Casey Affleck and Rooney Mara play a couple living in a mid western house. The DIY musician in him wants to stay, the wanderlust in her wants to go. Fatefully agreeing to leave after a disturbed night’s sleep, his life and that of his spirit will never be the same.
‘A Ghost Story’ only fleetingly teases you with a few scares at the beginning as its slow pace switches to languorous drama. Seconds last minutes as writer / director David Lowery’s camera lingers on the remnants of Casey Affleck’s fateful decision.
…is more of a metaphysical drama than the nail-biter its title would suggest.
Tied to the house and what happens next, ‘A Ghost Story’ is more of a metaphysical drama than the nail-biter its title would suggest. Stretching both time (and patience) in some sequences is a study of lives lived through the eyes of a disconnected character. By turn inventive and imaginative, ‘A Ghost Story’ rewards your patience with second and third acts and a veiled ending which redeems its achingly slow start.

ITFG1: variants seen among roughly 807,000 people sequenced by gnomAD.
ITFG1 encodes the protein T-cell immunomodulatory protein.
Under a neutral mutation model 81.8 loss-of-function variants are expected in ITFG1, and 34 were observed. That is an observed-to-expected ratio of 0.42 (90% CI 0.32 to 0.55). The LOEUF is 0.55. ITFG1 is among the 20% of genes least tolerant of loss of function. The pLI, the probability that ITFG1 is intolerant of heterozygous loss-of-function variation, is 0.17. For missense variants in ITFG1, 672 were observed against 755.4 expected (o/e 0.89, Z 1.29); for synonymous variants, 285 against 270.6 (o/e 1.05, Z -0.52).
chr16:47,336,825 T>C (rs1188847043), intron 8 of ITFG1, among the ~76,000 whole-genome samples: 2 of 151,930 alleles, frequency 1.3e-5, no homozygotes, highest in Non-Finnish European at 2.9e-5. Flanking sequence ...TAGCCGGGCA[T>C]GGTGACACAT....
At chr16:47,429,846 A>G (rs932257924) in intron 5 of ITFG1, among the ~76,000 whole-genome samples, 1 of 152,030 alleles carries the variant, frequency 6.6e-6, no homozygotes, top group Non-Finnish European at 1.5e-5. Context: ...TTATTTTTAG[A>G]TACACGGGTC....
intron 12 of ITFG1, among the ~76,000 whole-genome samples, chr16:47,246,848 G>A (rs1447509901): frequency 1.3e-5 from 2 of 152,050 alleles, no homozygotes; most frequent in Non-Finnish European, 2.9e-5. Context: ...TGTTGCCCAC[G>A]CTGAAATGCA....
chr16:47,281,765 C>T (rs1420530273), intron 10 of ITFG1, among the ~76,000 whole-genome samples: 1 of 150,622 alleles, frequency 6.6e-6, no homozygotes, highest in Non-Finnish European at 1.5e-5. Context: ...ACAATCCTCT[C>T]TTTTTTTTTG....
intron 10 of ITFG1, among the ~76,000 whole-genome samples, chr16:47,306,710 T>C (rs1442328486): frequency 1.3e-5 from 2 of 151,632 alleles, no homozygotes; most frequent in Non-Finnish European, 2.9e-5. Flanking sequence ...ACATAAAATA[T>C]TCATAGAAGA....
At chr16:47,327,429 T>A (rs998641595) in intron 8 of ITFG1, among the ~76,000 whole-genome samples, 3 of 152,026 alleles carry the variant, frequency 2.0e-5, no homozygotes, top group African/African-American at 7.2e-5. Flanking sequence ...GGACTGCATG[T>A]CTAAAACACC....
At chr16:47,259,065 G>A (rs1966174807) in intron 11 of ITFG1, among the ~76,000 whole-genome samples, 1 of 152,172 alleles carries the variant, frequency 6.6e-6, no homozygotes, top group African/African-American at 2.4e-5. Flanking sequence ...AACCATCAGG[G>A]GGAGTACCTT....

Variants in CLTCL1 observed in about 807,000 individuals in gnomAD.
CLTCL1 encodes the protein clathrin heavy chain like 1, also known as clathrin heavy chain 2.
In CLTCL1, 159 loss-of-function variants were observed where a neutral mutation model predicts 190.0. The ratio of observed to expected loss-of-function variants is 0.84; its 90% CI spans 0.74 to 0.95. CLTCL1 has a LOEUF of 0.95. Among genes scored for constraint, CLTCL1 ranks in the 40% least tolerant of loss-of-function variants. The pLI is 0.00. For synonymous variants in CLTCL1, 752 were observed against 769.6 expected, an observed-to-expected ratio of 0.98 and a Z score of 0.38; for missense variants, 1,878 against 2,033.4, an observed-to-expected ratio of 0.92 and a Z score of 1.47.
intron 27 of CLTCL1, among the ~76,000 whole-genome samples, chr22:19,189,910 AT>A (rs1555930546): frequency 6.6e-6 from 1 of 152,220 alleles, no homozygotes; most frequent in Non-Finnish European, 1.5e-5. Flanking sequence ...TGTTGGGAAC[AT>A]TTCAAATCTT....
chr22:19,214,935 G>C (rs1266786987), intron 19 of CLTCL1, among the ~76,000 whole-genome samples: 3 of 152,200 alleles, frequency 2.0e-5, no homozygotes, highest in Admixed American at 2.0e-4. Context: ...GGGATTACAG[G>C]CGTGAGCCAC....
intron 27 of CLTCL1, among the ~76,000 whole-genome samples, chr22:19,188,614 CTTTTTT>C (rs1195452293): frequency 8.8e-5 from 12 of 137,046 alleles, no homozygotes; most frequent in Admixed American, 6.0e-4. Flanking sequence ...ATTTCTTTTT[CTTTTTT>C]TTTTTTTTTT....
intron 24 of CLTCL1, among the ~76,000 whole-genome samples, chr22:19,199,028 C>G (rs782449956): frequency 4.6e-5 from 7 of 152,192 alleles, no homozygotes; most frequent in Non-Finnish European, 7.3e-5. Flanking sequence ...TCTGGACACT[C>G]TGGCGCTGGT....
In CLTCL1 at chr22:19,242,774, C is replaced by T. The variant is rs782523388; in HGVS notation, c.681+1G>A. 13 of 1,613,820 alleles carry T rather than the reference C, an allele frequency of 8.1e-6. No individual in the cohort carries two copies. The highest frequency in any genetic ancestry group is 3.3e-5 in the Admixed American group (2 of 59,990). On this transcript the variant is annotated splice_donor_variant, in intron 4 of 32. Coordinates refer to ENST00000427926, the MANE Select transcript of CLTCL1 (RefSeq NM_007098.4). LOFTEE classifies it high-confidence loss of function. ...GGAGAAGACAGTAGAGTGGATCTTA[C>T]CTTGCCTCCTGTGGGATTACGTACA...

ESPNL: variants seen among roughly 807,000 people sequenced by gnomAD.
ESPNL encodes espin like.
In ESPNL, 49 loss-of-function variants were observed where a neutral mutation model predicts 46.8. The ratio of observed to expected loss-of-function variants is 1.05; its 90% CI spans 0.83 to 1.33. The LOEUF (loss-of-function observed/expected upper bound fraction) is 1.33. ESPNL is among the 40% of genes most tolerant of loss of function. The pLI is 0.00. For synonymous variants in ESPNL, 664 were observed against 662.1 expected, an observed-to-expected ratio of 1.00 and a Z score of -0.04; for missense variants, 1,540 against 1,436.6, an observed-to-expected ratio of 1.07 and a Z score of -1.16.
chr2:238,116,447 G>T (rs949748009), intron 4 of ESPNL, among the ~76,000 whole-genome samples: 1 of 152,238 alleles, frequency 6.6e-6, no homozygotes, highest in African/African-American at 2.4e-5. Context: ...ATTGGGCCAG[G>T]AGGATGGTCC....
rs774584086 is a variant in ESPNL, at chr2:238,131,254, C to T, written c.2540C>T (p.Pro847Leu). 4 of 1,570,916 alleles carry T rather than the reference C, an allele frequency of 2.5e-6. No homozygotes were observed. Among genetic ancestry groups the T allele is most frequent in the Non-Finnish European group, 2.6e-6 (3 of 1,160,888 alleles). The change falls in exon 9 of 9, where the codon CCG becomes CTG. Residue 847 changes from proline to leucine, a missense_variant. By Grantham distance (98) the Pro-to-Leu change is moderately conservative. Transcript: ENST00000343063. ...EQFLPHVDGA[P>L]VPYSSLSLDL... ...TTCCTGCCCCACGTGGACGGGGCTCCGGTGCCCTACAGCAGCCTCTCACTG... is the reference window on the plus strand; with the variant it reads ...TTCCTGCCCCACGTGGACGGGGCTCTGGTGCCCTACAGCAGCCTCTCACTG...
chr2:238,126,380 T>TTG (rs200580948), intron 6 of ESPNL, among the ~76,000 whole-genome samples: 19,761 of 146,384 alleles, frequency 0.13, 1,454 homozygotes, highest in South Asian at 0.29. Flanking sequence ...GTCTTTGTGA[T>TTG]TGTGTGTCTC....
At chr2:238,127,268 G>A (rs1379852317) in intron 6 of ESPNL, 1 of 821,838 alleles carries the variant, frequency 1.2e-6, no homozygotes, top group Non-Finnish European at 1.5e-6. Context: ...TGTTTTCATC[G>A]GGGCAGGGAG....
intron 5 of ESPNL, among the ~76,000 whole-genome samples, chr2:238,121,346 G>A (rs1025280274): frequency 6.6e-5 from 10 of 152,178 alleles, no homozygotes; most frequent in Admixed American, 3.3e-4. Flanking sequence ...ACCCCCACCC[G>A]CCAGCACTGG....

Both naturalistic and committed, Mara and Affleck’s performances are the attractive threads which sew this existential drama together. Eventually pulling itself back from a soporific start, ‘A Ghost Story’ is a film that that slowly reveals its inventiveness the longer you invite it in.